At the same time, Wortzman says rule changes in Ontario earlier this year, which introduced the principle of proportionality, have prompted some clients to take a more active role in the e-discovery process. Many are cutting out third-party vendors for the collection and preservation of documents, instead opting to keep that work within their own IT departments.

“It’s both a cost issue and a practical issue,” says Wortzman. “You’re saying, ‘We need the e-mail boxes of 10 individuals at the company.’ They’re saying, ‘Our IT department can just make a copy of those, and we’ll send you a CD in an hour with that information loaded on it.

Why do you need to retain somebody else to come in and start getting into our confidential systems?’ So clients are pushing back on that and frankly, it’s been cost-effective and faster.”

Some large organizations, such as banks, large utilities, and energy companies, have even established their own e-discovery departments, says Felsky. Such companies already have a process in place should they face litigation and will work with their outside counsel to respond to the matter, thereby blunting the need for consultants like Felsky to get involved in the process.

But luckily for him, “The number of organizations in Canada actually in a position to do that is very, very small. They tend to be the very largest organizations, and most mid-size and large companies, and certainly small businesses, really aren’t going to do that and aren’t going to begin to do that.

So I think that there’s still going to be a growing market for advice on how to handle litigation as it happens.” That’s because it simply doesn’t make sense for organizations that rarely get sued to invest in that type of e-discovery preparedness, according to Felsky.

At the same time, he believes the threat of large law firms squeezing e-discovery experts out of the market is also unlikely since very few lawyers are experts on technology.

“So while lawyers are just now starting to get up to speed on the new rules in Ontario and starting to get into e-discovery in other provinces, they really are never going to be in a position to keep up with all the developments in technology from their clients’ perspective,” Felsky says. “The role of a technology consultant for litigation is going to become a permanent one. Some of the clients that I’m working with are beginning to realize that fact.”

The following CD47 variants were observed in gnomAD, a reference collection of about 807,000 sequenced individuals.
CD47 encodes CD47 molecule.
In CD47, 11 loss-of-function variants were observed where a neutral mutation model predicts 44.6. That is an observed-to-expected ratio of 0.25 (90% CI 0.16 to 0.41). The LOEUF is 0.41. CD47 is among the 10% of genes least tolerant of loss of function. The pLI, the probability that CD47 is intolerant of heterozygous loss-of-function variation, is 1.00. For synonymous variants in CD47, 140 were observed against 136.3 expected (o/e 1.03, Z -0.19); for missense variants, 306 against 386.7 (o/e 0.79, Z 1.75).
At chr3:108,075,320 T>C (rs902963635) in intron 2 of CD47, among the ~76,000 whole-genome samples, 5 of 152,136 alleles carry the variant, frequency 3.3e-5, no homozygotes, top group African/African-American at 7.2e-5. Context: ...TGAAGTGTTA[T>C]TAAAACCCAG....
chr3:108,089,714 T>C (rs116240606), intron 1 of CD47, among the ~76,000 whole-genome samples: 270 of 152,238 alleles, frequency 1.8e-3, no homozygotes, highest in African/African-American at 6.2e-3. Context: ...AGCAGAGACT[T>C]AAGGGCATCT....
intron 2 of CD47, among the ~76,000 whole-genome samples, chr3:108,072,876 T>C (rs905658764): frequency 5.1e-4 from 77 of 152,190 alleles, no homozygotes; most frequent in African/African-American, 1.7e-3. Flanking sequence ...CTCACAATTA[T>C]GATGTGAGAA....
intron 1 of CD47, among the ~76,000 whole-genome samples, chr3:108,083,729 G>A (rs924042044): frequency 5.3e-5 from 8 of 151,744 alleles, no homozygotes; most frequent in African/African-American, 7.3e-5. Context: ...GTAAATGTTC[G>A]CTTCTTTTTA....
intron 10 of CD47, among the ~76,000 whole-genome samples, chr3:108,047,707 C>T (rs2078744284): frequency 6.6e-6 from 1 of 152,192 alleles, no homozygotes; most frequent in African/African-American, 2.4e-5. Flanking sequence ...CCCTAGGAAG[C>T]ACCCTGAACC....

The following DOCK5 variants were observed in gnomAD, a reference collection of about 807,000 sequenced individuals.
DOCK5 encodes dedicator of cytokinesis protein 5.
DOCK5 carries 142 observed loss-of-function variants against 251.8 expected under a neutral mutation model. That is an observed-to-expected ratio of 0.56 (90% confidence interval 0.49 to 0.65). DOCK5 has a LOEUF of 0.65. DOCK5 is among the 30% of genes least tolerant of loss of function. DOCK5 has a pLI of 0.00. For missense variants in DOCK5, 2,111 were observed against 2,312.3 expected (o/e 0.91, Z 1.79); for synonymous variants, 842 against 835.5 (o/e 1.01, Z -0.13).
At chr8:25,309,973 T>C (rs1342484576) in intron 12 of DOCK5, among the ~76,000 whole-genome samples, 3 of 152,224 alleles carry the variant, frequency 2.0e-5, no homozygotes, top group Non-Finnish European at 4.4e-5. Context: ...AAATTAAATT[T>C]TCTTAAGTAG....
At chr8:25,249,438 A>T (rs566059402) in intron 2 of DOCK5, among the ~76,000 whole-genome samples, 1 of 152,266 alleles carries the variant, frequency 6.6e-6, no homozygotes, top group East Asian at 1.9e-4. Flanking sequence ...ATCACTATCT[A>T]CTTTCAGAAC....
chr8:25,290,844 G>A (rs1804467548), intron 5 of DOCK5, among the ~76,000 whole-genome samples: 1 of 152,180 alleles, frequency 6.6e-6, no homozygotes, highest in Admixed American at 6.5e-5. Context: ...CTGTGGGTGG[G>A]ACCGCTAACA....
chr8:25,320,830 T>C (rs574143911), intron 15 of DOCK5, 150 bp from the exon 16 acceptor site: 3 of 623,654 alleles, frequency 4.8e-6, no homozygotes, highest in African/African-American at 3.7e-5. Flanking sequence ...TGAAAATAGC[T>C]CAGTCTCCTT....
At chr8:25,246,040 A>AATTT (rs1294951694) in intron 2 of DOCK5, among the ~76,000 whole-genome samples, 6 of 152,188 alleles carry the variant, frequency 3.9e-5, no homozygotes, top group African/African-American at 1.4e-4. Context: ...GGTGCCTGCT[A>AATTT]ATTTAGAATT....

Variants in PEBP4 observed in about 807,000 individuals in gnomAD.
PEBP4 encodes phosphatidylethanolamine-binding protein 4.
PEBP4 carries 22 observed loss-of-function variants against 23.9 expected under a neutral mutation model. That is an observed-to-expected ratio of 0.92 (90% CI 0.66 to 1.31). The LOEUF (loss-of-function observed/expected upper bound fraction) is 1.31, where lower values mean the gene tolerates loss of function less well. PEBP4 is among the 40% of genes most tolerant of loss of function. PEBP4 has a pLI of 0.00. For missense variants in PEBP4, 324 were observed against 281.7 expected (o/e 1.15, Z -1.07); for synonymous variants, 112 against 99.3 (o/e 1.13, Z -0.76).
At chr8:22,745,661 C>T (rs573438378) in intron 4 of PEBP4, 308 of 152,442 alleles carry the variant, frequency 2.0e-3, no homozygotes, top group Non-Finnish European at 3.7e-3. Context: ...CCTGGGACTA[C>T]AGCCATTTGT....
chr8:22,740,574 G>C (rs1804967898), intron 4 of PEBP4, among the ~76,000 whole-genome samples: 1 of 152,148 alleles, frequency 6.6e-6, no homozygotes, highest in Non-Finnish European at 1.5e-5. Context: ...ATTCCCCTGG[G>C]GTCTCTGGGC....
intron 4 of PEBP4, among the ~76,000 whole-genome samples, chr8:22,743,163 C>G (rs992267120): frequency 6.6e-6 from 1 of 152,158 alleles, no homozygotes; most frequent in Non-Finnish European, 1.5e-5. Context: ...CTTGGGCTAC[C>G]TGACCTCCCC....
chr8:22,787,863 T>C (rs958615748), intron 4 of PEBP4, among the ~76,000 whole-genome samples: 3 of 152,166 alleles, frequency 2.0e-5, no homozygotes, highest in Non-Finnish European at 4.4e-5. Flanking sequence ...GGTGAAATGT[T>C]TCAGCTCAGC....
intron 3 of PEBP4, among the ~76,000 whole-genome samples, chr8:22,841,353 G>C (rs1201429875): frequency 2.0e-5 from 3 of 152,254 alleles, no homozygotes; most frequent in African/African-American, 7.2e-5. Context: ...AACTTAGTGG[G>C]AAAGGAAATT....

In the meantime, Jaar believes it’s crucial for firms to raise their games when it comes to the document-review process. Most continue to review documents in a linear fashion, methodically looking over each one individually. While thorough, that process requires a lot of manpower and time, thereby raising costs significantly.

In the years ahead, technology will play a more prominent role in the document-review process, says Jaar. That will open up a flood of opportunities for lawyers with in-depth knowledge of how that technology works.
“Instead of taking three months and 10 lawyers to review the volume of documents, they’re going to be in a position to do the same document review with five lawyers within two weeks,” says Jaar.

“But that really means understanding the technology and not only understanding the process of e-discovery, which is what we see in the market right now. Lawyers know the Sedona Principles, they know what they need to do next but they don’t know how to do it. So that’s a set of skills I think needs to be developed in the Canadian market.”